March 11, 2023
by Carla Hay
Directed by Lee Jung-jae
Korean with subtitles
Culture Representation: Taking place mainly in South Korea (and briefly in Washington, D.C., Japan, and Thailand), in 1983, the action film “Hunt” features a predominantly Asian cast of characters (with some white people) representing the working-class and middle-class.
Culture Clash: Two agents of the Korean Central Intelligence Agency (KCIA) work together and clash with each other in their efforts to find a mole who has been leaking valuable information.
Culture Audience: “Hunt” will appeal primarily to people who are fans of the movie’s headliners and complex spy movies.
“Hunt” sometimes gets too convoluted for its own good, but it offers a mostly engaging mystery for viewers who have the attention span and interest to follow this twist-filled spy thriller that’s set in the 1980s. The movie has commendable acting and enough tension-filled action to keep viewers interested in what’s going to happen next. However, this movie is not going to have much appeal to viewers who want a more straightforward narrative in a spy movie.
Directed by Lee Jung-jae (who co-wrote the “Hunt” screenplay with Jo Seung-hee), “Hunt” has the tried-and-true spy movie plot of a rivalry between colleagues fueling much of the tensions and suspicions in the story. The movie takes place mostly in South Korea, in 1983, the same year that there was an assassination attempt South Korean president Chun Doo-hwan in real life. North Koreans airplane pilots were also defecting to other countries in record numbers in the 1980s. These historical facts are used in the context of “Hunt,” which is Lee’s feature-film debut as a director and writer. “Hunt” had its world premiere at the 2022 Cannes Film Festival.
In “Hunt,” Lee portrays Korean Central Intelligence Agency (KCIA) Foreign Unit chief Park Pyong-ho, who often clashes with KCIA Domestic Unit chief Kim Jung-do (played by Jung Woo-sung), because each man thinks he is better than the other. Pyonh-ho has been with the KCIA for 13 years. Jung-do is a former military officer who is newer to the KCIA.
The movie’s opening scene takes place in Washington, D.C., where Pyong-ho and Jung-do have been assigned to the protection team for the South Korean president, who is visiting amid a storm of controversy. During the South Korean president’s arrival at a government event, there are local Korean American protestors outside the building who are angry over the how the return of military rule of the South Korean government.
Although the name of the South Korean president is not in the movie, this part of the movie’s plot is a reference to the real-life Gwangju Uprising of May 1980, when numerous people were killed over protesting military rule of South Korea. President-elect Chun Doo-hwan was largely blamed for this massacre. In the movie, some of the protesters have sign that call the South Korean president a “murderer.”
The head of the CIA’s East Asia unit, whose name is Director Gee (played by Paul Battle), has relayed information that there’s an assassination plot against the South Korean president that is expected to happen at this event. Pyong-ho is ordered to have his team on high alert. And sure enough, the assassination attempt happens, but Pyong-ho is able to thwart it by taking it upon himself to shoot and kill the assassin. Instead of praising Pyong-ho as a hero, Pyong-ho’s boss Director Kang (played Song Young-chang) scolds Pyong-ho for killing the suspect instead of wounding the suspect and taking the suspect into custody.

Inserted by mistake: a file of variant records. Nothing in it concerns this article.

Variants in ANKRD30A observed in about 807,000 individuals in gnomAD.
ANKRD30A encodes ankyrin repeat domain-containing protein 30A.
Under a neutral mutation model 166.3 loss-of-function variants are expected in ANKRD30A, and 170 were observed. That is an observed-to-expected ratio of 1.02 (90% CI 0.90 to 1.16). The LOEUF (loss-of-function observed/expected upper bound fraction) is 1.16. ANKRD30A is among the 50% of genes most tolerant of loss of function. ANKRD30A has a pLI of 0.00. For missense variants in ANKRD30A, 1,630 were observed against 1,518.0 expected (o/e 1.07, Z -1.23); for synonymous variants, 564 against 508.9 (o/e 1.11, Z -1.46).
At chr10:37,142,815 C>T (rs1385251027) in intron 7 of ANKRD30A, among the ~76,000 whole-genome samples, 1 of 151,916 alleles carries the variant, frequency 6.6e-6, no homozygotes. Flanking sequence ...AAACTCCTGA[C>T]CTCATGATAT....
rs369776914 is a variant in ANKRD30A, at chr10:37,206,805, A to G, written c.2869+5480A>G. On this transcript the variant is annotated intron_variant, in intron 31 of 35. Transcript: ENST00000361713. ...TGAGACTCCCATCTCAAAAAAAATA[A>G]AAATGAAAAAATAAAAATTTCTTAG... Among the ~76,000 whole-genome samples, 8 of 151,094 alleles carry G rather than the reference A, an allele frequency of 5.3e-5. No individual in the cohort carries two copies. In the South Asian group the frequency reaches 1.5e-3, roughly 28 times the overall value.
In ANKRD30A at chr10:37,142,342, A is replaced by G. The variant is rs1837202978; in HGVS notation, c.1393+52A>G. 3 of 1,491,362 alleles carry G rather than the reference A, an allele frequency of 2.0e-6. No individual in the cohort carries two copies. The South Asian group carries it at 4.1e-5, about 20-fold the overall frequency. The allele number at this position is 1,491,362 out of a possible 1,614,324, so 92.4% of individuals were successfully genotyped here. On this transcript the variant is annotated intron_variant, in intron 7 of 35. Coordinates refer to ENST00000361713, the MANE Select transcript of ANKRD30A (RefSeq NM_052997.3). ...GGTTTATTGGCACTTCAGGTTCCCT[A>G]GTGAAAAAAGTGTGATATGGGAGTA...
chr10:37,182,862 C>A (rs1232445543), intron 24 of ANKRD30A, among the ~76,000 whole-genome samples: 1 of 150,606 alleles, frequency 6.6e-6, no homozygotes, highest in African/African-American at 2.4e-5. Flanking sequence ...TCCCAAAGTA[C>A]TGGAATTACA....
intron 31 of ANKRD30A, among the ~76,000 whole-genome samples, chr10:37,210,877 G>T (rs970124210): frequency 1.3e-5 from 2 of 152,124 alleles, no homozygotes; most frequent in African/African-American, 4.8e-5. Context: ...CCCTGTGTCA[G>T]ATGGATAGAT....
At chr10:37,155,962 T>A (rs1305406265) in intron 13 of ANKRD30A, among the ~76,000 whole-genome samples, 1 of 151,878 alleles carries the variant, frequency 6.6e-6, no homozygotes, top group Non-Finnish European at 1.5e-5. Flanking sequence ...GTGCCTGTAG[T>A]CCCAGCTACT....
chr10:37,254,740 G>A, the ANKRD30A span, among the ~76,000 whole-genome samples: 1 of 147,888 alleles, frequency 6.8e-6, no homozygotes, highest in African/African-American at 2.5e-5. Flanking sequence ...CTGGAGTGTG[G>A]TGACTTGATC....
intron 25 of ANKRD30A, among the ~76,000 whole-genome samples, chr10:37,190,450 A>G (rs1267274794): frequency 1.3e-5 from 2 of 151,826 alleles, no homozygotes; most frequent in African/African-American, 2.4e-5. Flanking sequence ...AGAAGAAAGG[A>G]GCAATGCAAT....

The investigation into this assassination attempt reveals that an unidentified mole with the code name Donglim is in the KCIA. It leads to Pyong-ho’s team and Jung-do’s team investigating each other. Early on, a economics professor named Shin Ki-Cheol, who was part of the delgation in Washington, is considered to be part of the assassination conspiracy. But is this professor really involved or just a scapegoat?
The people on Pyong-ho’s team include Bang Joo-kyung (played by Jeon Hye-jin) and Agent Yang (played by Jung Man-sik). Jung-do’s team includes Jang Cheol-seong (played by Heo Sung-tae). In between all this espionage intrigue, Pyong-ho has been tasked with protecting a slightly rebellious college student named Jo Yoo-jeong (played by Go Youn-jung), who unfortunately is a character that looks like a token female in this movie where the cast members with significant speaking roles are almost all men.
Under the direction of Lee, “Hunt” does a pretty good job of increasing the suspense, but at the expense of causing more confusion in the plot. The stakes get higher for the characters when Pyong-ho’s team and Jung-do’s team are each convinced that the mole is on the other team. Both teams also want to impress the newly appointed KCIA Director Ahn (played by Kim Jong-soo), who is an ex-military officer. Double-cross plots are uncovered. And the race to find out the identity of Donglim leads to uncovering more assassination plots that take some of the characters to Japan and Thailand.
Lee, who is best known as a star of the Netflix series “Squid Game,” performs admirably in the role of Pyong-ho, always leaving audiences guessing until a certain point in the movie how much Pyong-ho really knows about the Donglim the mole. Woo-sung does very well in his scenes when his Jung-do character has conflicts with Pyong-ho. Will these fierce rivals ever trust each other? And who is Donglim? The movie answers these questions in some ways that are less predictable than others. The last 20 minutes of “Hunt” are an adrenaline-packed knockout that achieves the intentions of “Hunt” to not have a typical ending for a spy movie.
Magnet Releasing released “Hunt” in select U.S. cinemas, on digital and VOD on December 2, 2022. The movie was released in South Korea on August 10, 2022.